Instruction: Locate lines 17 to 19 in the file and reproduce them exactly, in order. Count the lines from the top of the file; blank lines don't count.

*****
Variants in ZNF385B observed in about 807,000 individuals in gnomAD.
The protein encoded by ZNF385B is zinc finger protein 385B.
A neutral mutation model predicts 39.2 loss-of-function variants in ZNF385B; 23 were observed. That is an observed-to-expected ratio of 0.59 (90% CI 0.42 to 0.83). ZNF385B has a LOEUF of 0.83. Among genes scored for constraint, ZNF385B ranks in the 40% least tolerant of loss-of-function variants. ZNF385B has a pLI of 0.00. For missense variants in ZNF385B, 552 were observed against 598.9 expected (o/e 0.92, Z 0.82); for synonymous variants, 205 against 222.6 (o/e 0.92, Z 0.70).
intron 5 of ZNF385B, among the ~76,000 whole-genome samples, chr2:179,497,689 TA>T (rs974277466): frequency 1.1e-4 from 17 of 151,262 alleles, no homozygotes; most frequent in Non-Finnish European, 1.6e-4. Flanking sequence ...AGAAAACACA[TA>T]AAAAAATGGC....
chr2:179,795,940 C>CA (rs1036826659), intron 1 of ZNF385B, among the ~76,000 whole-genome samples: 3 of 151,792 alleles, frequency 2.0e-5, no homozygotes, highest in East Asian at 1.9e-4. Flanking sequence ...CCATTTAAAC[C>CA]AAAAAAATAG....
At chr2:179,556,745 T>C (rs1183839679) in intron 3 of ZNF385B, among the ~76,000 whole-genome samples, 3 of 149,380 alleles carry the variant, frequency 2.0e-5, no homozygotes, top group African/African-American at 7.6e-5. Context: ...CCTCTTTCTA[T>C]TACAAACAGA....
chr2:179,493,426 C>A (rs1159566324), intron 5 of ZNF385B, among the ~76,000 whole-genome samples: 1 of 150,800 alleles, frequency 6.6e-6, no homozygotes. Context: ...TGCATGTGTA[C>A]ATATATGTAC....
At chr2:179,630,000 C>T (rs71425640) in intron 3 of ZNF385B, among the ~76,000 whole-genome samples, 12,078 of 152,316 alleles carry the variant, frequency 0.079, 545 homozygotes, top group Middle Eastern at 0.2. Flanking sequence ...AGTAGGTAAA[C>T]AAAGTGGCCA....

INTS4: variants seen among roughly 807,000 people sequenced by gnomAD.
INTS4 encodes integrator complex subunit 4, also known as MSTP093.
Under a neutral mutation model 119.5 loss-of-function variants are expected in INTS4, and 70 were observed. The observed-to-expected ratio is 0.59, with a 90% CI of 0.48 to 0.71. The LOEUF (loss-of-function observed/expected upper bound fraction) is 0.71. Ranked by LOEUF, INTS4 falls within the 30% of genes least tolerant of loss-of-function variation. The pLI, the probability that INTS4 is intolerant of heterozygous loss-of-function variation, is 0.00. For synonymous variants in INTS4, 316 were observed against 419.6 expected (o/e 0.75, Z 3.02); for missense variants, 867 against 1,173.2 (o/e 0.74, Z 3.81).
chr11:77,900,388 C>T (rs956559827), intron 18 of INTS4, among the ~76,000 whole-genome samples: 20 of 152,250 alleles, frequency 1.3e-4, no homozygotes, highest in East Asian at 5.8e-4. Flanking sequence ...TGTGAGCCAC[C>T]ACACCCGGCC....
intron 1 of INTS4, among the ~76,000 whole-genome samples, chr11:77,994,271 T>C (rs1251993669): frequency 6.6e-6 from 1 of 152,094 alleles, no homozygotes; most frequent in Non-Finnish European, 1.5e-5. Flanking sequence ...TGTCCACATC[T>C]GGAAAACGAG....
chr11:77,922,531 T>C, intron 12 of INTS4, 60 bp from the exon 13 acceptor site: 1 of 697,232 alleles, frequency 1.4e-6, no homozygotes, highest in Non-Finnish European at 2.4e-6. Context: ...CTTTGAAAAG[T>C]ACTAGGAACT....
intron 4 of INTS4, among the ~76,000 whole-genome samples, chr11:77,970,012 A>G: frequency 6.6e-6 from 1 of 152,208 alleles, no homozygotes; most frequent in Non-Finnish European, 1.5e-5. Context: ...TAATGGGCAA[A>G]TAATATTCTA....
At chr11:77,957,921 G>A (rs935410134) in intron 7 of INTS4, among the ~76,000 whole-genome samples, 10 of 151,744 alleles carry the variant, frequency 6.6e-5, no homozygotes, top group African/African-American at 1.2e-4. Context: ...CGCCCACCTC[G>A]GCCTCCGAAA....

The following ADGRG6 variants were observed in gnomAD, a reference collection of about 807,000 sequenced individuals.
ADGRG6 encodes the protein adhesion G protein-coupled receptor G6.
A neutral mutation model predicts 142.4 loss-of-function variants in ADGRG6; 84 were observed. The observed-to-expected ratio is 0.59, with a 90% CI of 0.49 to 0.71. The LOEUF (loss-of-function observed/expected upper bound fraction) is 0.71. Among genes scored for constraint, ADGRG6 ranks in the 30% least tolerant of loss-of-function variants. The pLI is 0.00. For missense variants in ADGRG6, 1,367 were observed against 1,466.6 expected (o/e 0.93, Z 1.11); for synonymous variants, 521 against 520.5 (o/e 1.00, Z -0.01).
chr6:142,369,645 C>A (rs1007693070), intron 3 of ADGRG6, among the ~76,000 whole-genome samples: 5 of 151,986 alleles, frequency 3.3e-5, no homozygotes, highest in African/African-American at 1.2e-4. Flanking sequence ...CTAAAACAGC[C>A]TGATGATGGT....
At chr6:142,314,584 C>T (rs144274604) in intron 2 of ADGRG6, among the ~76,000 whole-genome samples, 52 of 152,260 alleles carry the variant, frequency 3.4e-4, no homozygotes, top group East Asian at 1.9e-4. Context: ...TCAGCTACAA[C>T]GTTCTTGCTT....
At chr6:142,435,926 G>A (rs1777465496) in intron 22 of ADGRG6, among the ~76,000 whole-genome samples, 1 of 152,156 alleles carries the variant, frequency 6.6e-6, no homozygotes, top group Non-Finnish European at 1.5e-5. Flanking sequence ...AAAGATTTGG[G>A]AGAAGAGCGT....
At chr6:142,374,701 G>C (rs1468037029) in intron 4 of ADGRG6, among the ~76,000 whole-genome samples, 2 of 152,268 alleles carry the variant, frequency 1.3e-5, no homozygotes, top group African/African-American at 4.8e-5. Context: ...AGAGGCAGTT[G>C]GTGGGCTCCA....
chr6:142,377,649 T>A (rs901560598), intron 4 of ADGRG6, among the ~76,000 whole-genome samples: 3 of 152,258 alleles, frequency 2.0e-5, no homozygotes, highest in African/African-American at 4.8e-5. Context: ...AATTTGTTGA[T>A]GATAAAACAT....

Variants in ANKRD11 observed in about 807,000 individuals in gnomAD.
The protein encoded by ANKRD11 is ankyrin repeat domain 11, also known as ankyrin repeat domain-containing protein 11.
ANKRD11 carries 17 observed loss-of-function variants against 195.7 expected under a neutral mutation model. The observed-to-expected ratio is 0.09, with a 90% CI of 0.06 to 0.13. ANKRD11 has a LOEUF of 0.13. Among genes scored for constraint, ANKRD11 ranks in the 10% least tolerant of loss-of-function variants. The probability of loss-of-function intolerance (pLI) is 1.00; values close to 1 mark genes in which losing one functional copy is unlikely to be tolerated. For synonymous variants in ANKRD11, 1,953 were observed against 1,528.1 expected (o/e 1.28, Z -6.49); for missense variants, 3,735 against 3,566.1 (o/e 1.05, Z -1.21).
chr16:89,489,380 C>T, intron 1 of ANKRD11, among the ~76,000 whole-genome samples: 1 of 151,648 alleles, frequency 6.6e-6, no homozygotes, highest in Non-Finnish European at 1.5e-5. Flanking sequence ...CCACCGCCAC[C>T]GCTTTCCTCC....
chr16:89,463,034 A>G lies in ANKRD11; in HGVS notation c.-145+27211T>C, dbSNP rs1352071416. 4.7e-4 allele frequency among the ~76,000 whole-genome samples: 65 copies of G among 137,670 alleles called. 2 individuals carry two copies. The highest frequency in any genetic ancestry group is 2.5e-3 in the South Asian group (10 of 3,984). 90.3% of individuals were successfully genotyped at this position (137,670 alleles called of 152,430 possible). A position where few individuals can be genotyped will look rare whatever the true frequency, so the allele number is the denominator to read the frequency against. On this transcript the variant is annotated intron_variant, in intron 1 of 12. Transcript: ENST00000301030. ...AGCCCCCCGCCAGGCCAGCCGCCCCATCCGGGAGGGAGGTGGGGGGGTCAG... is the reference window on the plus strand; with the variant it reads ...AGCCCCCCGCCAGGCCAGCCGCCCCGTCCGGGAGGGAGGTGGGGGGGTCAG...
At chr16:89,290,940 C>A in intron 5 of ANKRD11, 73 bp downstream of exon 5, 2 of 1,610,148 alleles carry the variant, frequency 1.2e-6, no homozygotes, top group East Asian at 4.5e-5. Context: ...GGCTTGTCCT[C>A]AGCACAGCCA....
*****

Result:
The following ADGRG6 variants were observed in gnomAD, a reference collection of about 807,000 sequenced individuals.
ADGRG6 encodes the protein adhesion G protein-coupled receptor G6.
A neutral mutation model predicts 142.4 loss-of-function variants in ADGRG6; 84 were observed. The observed-to-expected ratio is 0.59, with a 90% CI of 0.49 to 0.71. The LOEUF (loss-of-function observed/expected upper bound fraction) is 0.71. Among genes scored for constraint, ADGRG6 ranks in the 30% least tolerant of loss-of-function variants. The pLI is 0.00. For missense variants in ADGRG6, 1,367 were observed against 1,466.6 expected (o/e 0.93, Z 1.11); for synonymous variants, 521 against 520.5 (o/e 1.00, Z -0.01).